Q&A with Sophie Gergaud, Co-Founder of Festival Ciné Alter’Natif

Created in Nantes in 2009, the Festival Ciné Alter’Natif fights stereotypes pertaining to Native Americans by only screening films made or produced by Native American filmmakers. The festival has grown over the years and screenings take place in three different cities: Nantes, Paris and La Turballe.

The 2017 edition celebrates music. Reserve tickets for the opening event (Oct. 5), the premiere of the film Rumble or the closing Alvin Youngblood concert.

I met with Sophie Gergaud, artistic director and co-founder of the festival to find out more about the festival, its origins and what’s to come.

What triggered your interest for Native American filmmakers and their productions?

S.G.: I’ve always been passionate about Native American culture. I discovered documentary film making during my studies in ethnology. I went to the United States where I met several Native American filmmakers and realized that they produced a lot of films. But it was hard for them to find distribution in the United States or Canada. I wanted to do something for them in France. I had been a devoted spectator at the Cinéma Concorde (in Nantes) and I mentioned the idea to its director. I also met Sophie Vaillant (co-founder of the festival) at the Concorde. That’s how it got started.

Your festival is solely dedicated to films made on the American continent?

S.G.: Yes, at first we only screened Native American movies. Our team is so small and there are so many films to see that it seemed like a gigantic task. This year, the main theme is music and I really wanted to screen a movie from Greenland I had seen a couple years ago in Toronto. It is called: Sumé, le son de la révolution. So for the very first time, we will screen a production from outside the American continent. And I think this is something that will stick in the future because it is a bit frustrating to limit ourselves to films produced on the American continent. The idea will be to have a majority of Native American movies, while opening a window for productions from elsewhere. In the past 10 years, there has been an enormous amount of films in any format (short, medium and long features) produced by natives from all over the world: Australia, Finland, Norway, even Russia.

Can you tell us more about the 2017 edition…

S.G.: Two main themes have emerged this year. The first theme is music. I had been waiting for a few years for the movie Rumble to be finished. I know this film quite well because I have been involved in its making. So every time I watched movies related to music, I added them to my list so I could screen them the same year as Rumble. That’s how that musical theme emerged. The other theme explores our behavior and politics in Europe and their impact on the native lifestyles and or livelihood. For instance, the movie Inuk en colère shows in a dispassionate manner how environmental politics prohibiting seal hunting, and which seem totally justify in our eyes, have had an enormous impact on the lifestyle of Inuit hunters. After they had already suffered from colonization and mandatory settlements. This is a strong movie that challenges us directly and invites us to think.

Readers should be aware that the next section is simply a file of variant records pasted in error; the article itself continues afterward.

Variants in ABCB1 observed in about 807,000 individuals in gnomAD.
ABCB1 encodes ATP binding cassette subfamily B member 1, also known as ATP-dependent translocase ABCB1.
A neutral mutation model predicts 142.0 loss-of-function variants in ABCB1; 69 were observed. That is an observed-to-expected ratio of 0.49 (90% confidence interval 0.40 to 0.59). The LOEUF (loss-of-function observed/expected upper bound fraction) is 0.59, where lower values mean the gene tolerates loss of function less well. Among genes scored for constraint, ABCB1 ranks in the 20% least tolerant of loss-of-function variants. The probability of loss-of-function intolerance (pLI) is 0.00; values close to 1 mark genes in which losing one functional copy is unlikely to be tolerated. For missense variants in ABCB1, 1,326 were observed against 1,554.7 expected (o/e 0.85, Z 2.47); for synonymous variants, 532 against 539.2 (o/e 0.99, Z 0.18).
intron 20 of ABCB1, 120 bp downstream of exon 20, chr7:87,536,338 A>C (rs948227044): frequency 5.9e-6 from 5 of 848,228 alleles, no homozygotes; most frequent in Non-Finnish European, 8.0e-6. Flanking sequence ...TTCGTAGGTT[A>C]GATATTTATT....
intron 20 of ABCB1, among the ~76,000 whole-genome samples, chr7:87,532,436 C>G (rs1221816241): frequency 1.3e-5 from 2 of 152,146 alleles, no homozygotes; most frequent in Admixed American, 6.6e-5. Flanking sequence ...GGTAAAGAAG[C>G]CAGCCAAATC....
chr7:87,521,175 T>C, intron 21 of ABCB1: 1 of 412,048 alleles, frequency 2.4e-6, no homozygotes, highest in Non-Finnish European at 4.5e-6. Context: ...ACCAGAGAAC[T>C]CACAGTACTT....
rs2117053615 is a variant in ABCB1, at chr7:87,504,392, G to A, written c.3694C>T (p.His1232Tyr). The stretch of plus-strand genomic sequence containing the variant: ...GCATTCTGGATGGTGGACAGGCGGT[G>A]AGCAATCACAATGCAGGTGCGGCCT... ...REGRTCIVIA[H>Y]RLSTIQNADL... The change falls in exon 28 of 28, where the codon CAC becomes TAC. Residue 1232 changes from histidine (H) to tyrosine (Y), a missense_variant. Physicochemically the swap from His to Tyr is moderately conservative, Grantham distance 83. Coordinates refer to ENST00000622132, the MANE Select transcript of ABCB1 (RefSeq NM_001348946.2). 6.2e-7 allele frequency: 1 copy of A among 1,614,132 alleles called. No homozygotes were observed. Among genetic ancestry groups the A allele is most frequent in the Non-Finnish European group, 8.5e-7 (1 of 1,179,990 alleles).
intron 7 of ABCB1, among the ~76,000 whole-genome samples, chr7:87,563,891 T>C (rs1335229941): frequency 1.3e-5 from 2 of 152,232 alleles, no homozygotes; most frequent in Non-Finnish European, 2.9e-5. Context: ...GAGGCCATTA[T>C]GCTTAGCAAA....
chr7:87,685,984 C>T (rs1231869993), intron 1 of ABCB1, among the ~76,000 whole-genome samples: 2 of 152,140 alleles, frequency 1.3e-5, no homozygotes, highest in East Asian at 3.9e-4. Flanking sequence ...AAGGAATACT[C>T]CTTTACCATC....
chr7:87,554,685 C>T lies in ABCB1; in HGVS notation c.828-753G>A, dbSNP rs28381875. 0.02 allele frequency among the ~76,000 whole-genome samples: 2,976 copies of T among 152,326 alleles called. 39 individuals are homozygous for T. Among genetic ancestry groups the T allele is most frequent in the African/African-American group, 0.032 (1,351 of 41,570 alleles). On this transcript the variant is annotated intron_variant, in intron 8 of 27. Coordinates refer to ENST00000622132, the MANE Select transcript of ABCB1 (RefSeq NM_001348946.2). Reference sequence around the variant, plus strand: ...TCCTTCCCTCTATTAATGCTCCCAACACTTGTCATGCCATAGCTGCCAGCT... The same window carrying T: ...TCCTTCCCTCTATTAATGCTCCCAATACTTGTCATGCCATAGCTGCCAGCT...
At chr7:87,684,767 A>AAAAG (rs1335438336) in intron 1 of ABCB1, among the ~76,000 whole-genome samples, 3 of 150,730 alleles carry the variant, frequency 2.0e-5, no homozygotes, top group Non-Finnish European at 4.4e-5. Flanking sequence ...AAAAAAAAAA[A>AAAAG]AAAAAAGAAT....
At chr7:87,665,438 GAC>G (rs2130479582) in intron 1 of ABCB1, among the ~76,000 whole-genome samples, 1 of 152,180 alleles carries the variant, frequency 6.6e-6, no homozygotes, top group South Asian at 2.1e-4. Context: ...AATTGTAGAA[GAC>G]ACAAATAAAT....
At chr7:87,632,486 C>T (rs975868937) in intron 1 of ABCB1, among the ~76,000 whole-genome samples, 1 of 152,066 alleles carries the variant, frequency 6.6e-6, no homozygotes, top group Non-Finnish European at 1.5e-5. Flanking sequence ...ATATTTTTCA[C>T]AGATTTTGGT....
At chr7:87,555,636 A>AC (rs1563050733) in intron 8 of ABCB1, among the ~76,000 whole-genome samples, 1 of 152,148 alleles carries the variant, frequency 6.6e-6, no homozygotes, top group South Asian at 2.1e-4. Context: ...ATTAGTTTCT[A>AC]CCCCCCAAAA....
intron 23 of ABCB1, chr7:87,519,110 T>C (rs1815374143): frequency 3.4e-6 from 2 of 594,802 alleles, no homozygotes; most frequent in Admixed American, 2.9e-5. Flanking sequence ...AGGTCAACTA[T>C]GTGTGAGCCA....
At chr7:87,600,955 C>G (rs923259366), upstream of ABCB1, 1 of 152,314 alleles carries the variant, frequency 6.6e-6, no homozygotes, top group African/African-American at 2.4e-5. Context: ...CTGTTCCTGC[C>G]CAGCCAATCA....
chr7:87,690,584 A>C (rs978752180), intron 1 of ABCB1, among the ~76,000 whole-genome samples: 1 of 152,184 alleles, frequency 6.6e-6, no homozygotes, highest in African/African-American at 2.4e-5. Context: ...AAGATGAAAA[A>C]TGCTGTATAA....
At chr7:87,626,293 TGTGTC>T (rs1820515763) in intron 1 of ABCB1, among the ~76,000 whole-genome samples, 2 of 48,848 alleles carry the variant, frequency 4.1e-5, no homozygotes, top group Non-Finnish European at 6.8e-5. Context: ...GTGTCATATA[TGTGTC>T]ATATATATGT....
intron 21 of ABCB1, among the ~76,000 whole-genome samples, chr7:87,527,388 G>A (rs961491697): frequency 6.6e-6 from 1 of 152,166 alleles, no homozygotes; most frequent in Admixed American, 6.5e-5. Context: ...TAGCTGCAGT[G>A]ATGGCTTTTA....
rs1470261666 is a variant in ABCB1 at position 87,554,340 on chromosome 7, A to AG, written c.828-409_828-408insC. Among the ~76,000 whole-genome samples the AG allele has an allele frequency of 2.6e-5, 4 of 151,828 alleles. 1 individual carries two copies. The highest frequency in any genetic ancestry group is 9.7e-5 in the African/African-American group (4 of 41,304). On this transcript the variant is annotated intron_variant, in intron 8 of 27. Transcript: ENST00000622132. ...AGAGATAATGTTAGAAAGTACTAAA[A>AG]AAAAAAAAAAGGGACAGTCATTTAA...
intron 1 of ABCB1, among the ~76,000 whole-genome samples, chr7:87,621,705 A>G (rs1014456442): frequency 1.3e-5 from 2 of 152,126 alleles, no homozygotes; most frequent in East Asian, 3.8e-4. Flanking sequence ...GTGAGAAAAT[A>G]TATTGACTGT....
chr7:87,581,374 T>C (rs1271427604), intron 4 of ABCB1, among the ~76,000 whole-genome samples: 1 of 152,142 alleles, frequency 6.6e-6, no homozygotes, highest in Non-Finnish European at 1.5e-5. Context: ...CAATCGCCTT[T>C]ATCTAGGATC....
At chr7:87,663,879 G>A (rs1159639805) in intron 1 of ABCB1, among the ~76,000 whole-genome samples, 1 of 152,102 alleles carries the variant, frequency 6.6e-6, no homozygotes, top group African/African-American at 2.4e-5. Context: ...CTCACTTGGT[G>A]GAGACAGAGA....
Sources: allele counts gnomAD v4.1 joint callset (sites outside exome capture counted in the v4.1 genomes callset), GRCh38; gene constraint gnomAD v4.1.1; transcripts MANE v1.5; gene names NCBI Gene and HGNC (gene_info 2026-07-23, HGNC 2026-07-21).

The movie Rise is about the construction of the pipeline on the Standing Rock reservation. We could think: that’s far away and does not really concern us, but actually many banks, including French banks have invested money in the construction of the pipeline. So there again, our money and consumption modes have a concrete impact on the way of life of Native Americans. Everything is connected and we have to think about our actions. Even if our ideals might have some commonalities with those of Native Americans, on a day-to-day basis, our actions lead to different results.

Rumble will premier in France on October 5. What has been your role with the movie?

S.G.: I know the production team and was very involved early on. It all started with an idea from the musician Stevie Salas who initially contacted the production team. They consulted with me as an ethnologist. Catherine Bainbridge, the filmmaker, wanted to hire native collaborators from the get-go. It took four years to make the movie. It takes place all over the States and portraits 10 famous musicians from Seattle to the Mississippi Delta. I also had to conduct some research at the INA (Audiovisual National Institute) in Paris: some Native American musicians were totally looked down in their own country until they went to Europe where they became famous. We wanted to find footage for that. I also helped story edit the film, which was not an easy task as we had to present 10 stories and 10 different music styles.

Despite all their differences, is there a common message emanating from Native people worldwide?

S.G: Native people face completely different realities all over the planet, but they are all guided by the will to reclaim their right to self-determination and to make their voices heard. Why do we make a difference between movies made by Natives or movies made about Natives? A movie about Natives, as good as it might be, still retains the voice of an outsider, even if that person is close to their characters. It remains an outsider look. Even though we do need such viewpoints overall, the distribution is a lot more restricted for movies made by Natives. We have to listen to them, in their own terms. Let them choose their topics and their modes of expression. Give them the same freedom of speech and audience as enjoyed by non-Native filmmakers.

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Q&A with Scott Hillier, Independent Film Festival Founder

independent-film-festivalThe 12th European Independent Film Festival (ECU) will take place in Paris on April 21, 22 and 23.

Searching for untold stories and fresh perspectives? Look no further. From April 21 until April 23, the Cinema Les 7 Parnassiens in Paris will host the 12th edition of ECU.

Highlights include 73 films from 28 countries, 3 workshops with industry professionals and for the first time this year, a roundtable of female directors (28 were selected to be part of this year’s festival). The European Independent Film Festival has made a name for itself and has become a reference for indie filmmakers throughout the world.

We met with Scott Hillier, founder and president of ECU to ask a few questions about the festival, along with lessons learned over the years and the current state of independent film.